As cryptocurrencies continue to spread all over the world, governments are deciding what role they want crypto to play in their economies. While some countries have chosen to ban cryptocurrencies entirely, others have seen the blockchain’s utility and embraced them. Though it’s sad to see countries shy away from the potential crypto has to offer, it’s exciting to see other countries dive into crypto headfirst. This blog will go over what countries have (and haven’t) adopted cryptocurrencies.
Most developed countries in the world have okayed cryptocurrencies to some extent. The United States and Canada have so far been friendly towards crypto, mainly focusing on regulations aimed at preventing crimes like fraud and money laundering. This has given citizens the ability to easily buy, sell, and trade currencies like Bitcoin and Etherum, as well as the ability to use their crypto to purchase NFTs, goods or services, and more. The European Union prevents member states from starting their own cryptocurrencies, but they allow crypto to exist so long as exchanges follow their regulations. Other countries that have positive views on cryptocurrency include Australia, Chile, Japan, New Zealand, Switzerland, Ukraine, Venezuela, and many more. These countries have helped foster the growth of crypto and have helped legitimize cryptocurrencies worldwide.
This past September, President Nayib Bukele of El Salvador announced that Bitcoin would be a legal currency in the country. The decision made history, making El Salvador the first country to adopt a cryptocurrency as an official currency. Bukele believes Bitcoin can help the country and its citizens in a multitude of ways. For example, Bitcoin can help El Salvadorans avoid money transfer fees when sending money in and out of the country. While this may not sound like a big deal, remittances make up a fifth of the country’s GDP, and wire transfer fees can add up quickly. Bitcoin allows El Salvadorans to avoid those costly fees and save money. Bukele also says that Bitcoin will help more El Salvadorans access the financial system, which is desperately needed since 70% of the country doesn’t even have a bank account.
So far, the country’s official crypto wallet, Chivo, already has three million downloads and 2.1 million active users. $2 million dollars a day is sent through Chivo according to Bukele.
30 Bitcoin ATMs have been set up in major US cities to send remittances and promote Bitcoin/Chivo use. The government also offered a $30 bonus for users at the beginning of the program, and many small businesses have seen an uptick in business from customers using the bonus to try out Bitcoin. Despite its hiccups, El Salvador’s Bitcoin adoption seems to be a success, one that is starting to inspire other countries.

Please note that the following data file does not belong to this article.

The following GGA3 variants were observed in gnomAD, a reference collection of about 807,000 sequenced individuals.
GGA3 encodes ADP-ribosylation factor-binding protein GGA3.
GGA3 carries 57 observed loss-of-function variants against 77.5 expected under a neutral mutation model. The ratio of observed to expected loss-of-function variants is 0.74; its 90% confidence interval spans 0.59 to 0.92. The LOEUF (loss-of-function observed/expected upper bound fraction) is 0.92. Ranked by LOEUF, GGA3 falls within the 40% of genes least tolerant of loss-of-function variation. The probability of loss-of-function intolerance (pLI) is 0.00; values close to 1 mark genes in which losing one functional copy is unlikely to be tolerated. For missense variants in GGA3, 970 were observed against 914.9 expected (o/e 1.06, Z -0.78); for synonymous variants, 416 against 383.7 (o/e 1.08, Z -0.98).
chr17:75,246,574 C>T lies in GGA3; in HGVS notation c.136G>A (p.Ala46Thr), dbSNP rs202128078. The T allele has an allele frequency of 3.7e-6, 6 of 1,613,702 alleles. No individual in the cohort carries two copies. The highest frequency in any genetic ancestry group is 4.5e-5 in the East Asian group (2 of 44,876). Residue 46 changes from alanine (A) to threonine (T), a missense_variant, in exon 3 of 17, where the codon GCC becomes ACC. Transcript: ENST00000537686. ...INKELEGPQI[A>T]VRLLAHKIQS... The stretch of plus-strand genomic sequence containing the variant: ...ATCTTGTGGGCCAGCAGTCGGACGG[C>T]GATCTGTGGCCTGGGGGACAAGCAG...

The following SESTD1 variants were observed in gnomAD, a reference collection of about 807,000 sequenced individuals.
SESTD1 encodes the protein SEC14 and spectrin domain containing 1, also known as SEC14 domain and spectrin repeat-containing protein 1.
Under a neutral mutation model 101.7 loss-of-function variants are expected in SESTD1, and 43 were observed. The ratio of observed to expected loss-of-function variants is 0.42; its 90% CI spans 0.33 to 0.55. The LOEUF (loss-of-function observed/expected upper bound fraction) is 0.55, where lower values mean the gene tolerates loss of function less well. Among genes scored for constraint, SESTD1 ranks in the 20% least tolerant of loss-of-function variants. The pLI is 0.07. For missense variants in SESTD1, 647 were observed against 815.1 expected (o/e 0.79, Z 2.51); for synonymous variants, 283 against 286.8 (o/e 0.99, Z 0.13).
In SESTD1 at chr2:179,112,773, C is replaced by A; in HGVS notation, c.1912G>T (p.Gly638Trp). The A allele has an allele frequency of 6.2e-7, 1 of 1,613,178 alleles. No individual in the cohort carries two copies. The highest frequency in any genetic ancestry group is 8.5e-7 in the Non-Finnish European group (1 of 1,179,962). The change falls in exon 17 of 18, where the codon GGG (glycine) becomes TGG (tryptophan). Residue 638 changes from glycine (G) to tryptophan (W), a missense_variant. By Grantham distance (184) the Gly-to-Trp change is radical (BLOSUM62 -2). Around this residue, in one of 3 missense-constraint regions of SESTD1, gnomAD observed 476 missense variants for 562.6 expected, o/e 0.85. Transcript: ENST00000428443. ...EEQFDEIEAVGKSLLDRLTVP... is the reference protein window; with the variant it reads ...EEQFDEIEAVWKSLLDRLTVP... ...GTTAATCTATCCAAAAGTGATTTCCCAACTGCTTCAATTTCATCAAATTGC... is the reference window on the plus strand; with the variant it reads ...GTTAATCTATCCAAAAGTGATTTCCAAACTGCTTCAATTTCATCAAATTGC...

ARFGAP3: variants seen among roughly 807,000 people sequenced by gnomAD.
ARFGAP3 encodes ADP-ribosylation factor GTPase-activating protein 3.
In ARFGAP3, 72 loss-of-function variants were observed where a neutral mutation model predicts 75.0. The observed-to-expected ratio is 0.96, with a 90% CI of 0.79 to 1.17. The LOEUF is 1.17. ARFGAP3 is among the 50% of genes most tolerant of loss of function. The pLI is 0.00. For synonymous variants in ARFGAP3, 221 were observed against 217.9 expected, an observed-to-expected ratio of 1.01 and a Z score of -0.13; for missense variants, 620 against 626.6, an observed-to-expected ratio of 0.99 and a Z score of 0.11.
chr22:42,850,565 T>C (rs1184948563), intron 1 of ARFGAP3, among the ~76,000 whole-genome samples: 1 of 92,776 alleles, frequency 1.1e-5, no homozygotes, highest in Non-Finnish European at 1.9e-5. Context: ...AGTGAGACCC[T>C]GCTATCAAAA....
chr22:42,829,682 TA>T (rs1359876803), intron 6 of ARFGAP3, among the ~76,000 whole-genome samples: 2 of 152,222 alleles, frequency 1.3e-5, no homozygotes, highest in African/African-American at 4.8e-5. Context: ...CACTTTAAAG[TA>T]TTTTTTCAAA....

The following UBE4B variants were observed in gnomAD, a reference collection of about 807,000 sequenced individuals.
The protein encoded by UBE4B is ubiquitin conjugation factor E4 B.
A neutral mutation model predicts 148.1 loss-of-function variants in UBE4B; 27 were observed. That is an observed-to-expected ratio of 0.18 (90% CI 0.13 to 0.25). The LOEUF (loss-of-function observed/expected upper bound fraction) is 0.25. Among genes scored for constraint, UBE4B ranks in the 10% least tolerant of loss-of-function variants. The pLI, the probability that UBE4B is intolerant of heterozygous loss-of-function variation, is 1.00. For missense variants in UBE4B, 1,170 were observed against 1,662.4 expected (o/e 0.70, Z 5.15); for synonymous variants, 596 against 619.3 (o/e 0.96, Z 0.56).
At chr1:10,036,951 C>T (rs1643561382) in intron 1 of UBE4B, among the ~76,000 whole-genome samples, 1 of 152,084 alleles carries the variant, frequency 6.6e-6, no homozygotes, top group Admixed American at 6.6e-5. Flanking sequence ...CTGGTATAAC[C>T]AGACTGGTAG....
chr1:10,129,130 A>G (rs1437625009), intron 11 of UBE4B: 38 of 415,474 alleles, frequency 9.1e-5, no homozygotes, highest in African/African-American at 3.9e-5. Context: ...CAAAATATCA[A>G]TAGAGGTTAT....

Now, a multitude of countries, particularly in Latin America, are considering adopting Bitcoin as an official currency. Politicians from all over the region have expressed interest and support for joining El Savador in their Bitcoin endeavors. Senator Indira Kempis Martinez of Mexico expressed her support for adopting Bitcoin in a tweet that said, “First they ignore you, then suddenly Paraguay, Argentina, Panama, Brazil, El Salvador, and Nicaragua embrace #Bitcoin.” Other politicians from the countries listed by Martinez have also made similar statements in support of adopting Bitcoin. None of these countries have gone as far as El Salvador—yet. If El Salvador’s Bitcoin experiment is a success, there is no doubt other countries in the region will join in to avoid the fear of missing out. Latin America could become the proving ground for crypto, showing the benefits that widespread national adoption has.
On the other end of the spectrum, many countries have heavily restricted or criminalized cryptocurrencies. China has outright banned cryptocurrency transactions in the country, making crypto illegal nationwide. Algeria, Bolivia, North Macedonia, and more have done the same and banned cryptocurrencies entirely. Indonesia, Turkey, and Vietnam have passed laws making the use of crypto as a payment method illegal, severely hampering their use. Columbia, Egypt, Iraq, and Russia have all been increasingly restricting cryptocurrencies through heavy regulation, often preventing anyone other than licensed brokers from holding, trading, purchasing, or selling crypto. Even though these countries have tried to ban crypto, the decentralized nature of cryptocurrencies makes a ban incredibly hard to enforce. As a result, many have continued to trade crypto despite the ban.
Though many dream of a future where crypto is legal everywhere, that is not yet a reality. Before buying or trading cryptocurrencies, be sure to check your country’s laws and regulations to avoid any potential legal issues. Hopefully, more countries follow in the footsteps of El Salvador, and worrying about the legality of crypto will be a thing of the past.